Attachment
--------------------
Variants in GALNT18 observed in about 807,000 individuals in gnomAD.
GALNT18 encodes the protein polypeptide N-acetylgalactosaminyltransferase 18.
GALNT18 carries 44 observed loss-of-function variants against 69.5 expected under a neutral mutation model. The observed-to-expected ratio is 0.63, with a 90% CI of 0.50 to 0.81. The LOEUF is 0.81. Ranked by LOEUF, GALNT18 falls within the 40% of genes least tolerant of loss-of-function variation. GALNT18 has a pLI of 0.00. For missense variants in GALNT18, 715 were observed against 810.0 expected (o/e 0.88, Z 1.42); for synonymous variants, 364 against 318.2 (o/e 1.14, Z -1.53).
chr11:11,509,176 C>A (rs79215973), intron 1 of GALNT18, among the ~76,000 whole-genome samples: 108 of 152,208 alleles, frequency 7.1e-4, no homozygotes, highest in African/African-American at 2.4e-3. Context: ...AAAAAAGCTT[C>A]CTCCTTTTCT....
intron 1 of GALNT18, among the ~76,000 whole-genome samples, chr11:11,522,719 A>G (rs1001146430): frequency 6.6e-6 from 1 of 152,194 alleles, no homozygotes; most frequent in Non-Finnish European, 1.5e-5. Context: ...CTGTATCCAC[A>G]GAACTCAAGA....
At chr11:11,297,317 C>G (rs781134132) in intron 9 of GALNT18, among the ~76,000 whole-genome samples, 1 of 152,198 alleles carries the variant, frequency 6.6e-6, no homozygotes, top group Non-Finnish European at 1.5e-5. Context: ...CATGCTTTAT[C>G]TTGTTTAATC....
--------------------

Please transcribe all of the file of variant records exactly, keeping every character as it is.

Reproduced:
Variants in GALNT18 observed in about 807,000 individuals in gnomAD.
GALNT18 encodes the protein polypeptide N-acetylgalactosaminyltransferase 18.
GALNT18 carries 44 observed loss-of-function variants against 69.5 expected under a neutral mutation model. The observed-to-expected ratio is 0.63, with a 90% CI of 0.50 to 0.81. The LOEUF is 0.81. Ranked by LOEUF, GALNT18 falls within the 40% of genes least tolerant of loss-of-function variation. GALNT18 has a pLI of 0.00. For missense variants in GALNT18, 715 were observed against 810.0 expected (o/e 0.88, Z 1.42); for synonymous variants, 364 against 318.2 (o/e 1.14, Z -1.53).
chr11:11,509,176 C>A (rs79215973), intron 1 of GALNT18, among the ~76,000 whole-genome samples: 108 of 152,208 alleles, frequency 7.1e-4, no homozygotes, highest in African/African-American at 2.4e-3. Context: ...AAAAAAGCTT[C>A]CTCCTTTTCT....
intron 1 of GALNT18, among the ~76,000 whole-genome samples, chr11:11,522,719 A>G (rs1001146430): frequency 6.6e-6 from 1 of 152,194 alleles, no homozygotes; most frequent in Non-Finnish European, 1.5e-5. Context: ...CTGTATCCAC[A>G]GAACTCAAGA....
At chr11:11,297,317 C>G (rs781134132) in intron 9 of GALNT18, among the ~76,000 whole-genome samples, 1 of 152,198 alleles carries the variant, frequency 6.6e-6, no homozygotes, top group Non-Finnish European at 1.5e-5. Context: ...CATGCTTTAT[C>G]TTGTTTAATC....